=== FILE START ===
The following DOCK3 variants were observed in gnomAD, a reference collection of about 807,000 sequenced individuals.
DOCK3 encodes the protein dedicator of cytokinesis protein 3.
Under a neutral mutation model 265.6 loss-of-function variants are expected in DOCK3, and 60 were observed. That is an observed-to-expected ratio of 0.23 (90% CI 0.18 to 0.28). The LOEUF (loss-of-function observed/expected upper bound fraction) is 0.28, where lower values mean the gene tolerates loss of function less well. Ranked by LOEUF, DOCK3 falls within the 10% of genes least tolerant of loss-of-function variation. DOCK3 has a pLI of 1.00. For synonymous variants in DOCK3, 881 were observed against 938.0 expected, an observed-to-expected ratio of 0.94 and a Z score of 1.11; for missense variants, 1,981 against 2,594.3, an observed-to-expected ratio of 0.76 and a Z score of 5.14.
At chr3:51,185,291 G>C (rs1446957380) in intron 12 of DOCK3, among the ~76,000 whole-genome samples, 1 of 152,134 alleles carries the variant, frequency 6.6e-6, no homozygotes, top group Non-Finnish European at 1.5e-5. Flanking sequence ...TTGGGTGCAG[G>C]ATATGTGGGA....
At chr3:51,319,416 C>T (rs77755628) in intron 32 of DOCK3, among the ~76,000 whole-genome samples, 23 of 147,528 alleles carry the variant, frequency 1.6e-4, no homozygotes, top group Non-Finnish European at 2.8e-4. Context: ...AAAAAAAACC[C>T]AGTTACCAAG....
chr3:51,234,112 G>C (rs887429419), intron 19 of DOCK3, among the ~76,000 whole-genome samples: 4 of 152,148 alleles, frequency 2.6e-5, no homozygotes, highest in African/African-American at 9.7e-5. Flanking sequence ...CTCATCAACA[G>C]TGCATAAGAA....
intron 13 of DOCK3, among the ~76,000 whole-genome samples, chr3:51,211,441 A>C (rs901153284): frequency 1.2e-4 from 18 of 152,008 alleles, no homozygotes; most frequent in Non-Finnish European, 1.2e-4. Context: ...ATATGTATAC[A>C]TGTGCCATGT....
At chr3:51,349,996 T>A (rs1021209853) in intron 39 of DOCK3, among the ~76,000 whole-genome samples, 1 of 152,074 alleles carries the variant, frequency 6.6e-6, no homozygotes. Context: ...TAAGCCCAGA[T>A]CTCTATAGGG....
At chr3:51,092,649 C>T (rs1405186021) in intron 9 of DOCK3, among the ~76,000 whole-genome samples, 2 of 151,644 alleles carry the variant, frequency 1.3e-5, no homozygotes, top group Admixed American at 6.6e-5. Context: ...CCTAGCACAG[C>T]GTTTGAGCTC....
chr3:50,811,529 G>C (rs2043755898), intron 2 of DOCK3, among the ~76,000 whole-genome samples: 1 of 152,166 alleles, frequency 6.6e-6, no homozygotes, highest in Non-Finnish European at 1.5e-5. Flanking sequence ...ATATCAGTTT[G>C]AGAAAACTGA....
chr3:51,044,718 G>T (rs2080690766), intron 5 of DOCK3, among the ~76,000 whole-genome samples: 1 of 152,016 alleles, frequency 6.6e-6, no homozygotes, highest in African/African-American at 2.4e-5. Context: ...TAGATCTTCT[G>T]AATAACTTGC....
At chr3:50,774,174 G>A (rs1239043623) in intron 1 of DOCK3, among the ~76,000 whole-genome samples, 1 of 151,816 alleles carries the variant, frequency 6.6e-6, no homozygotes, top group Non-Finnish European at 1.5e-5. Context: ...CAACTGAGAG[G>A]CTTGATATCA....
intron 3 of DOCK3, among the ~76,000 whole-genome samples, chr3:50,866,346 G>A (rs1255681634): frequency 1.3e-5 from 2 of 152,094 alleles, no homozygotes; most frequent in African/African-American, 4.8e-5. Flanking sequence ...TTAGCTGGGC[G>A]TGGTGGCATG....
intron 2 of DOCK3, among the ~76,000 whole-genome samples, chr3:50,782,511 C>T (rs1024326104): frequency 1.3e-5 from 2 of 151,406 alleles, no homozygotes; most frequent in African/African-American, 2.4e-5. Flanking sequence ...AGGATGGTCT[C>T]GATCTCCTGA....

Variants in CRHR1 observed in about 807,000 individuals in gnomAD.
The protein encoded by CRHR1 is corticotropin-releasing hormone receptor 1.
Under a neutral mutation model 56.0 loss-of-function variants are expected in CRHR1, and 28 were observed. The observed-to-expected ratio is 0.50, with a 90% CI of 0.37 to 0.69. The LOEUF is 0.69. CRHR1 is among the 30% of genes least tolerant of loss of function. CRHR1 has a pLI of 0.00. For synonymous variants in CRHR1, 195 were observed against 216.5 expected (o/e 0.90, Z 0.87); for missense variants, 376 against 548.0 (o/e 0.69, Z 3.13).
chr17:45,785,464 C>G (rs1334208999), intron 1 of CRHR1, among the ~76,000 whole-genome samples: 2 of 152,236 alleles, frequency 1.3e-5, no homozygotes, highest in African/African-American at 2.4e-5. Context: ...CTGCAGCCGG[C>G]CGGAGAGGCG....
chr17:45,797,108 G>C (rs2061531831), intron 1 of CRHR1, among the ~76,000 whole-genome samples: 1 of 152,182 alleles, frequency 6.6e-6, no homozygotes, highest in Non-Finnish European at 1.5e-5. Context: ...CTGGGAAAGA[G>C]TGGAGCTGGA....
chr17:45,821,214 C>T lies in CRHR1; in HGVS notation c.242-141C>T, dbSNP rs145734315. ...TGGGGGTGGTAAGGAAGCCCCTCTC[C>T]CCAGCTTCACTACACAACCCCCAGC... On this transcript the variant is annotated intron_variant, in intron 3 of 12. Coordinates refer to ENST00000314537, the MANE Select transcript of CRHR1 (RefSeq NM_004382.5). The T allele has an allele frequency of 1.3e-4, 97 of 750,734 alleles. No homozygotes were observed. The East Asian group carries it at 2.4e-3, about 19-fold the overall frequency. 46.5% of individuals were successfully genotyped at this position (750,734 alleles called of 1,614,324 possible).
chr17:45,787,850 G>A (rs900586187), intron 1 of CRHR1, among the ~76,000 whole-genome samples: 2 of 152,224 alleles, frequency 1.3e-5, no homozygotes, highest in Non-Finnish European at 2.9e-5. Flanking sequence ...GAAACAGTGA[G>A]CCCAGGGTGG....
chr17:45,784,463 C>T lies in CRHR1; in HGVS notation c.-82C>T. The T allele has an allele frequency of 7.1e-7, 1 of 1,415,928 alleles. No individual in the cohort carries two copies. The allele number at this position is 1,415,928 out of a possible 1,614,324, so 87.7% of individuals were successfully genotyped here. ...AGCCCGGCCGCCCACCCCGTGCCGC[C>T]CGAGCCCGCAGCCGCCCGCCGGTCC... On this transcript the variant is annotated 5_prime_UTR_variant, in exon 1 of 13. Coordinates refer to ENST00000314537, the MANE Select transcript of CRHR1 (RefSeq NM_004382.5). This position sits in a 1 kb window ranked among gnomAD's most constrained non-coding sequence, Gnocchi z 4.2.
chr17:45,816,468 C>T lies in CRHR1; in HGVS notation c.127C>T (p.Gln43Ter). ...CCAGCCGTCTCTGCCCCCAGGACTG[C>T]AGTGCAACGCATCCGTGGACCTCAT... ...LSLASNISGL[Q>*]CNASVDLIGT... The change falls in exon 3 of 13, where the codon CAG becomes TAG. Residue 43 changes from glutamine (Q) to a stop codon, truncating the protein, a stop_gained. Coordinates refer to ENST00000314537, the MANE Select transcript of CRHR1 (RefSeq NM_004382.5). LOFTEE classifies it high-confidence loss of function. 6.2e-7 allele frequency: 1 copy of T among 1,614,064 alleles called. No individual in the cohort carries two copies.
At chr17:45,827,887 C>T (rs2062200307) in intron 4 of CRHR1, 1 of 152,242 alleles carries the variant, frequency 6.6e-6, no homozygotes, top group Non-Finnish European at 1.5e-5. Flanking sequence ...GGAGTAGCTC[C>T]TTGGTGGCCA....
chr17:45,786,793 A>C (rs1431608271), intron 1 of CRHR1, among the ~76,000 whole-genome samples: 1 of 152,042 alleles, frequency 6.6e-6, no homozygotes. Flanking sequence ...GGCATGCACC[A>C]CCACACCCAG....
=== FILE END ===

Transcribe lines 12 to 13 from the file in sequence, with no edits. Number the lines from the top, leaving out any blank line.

At chr3:50,774,174 G>A (rs1239043623) in intron 1 of DOCK3, among the ~76,000 whole-genome samples, 1 of 151,816 alleles carries the variant, frequency 6.6e-6, no homozygotes, top group Non-Finnish European at 1.5e-5. Context: ...CAACTGAGAG[G>A]CTTGATATCA....
intron 3 of DOCK3, among the ~76,000 whole-genome samples, chr3:50,866,346 G>A (rs1255681634): frequency 1.3e-5 from 2 of 152,094 alleles, no homozygotes; most frequent in African/African-American, 4.8e-5. Flanking sequence ...TTAGCTGGGC[G>A]TGGTGGCATG....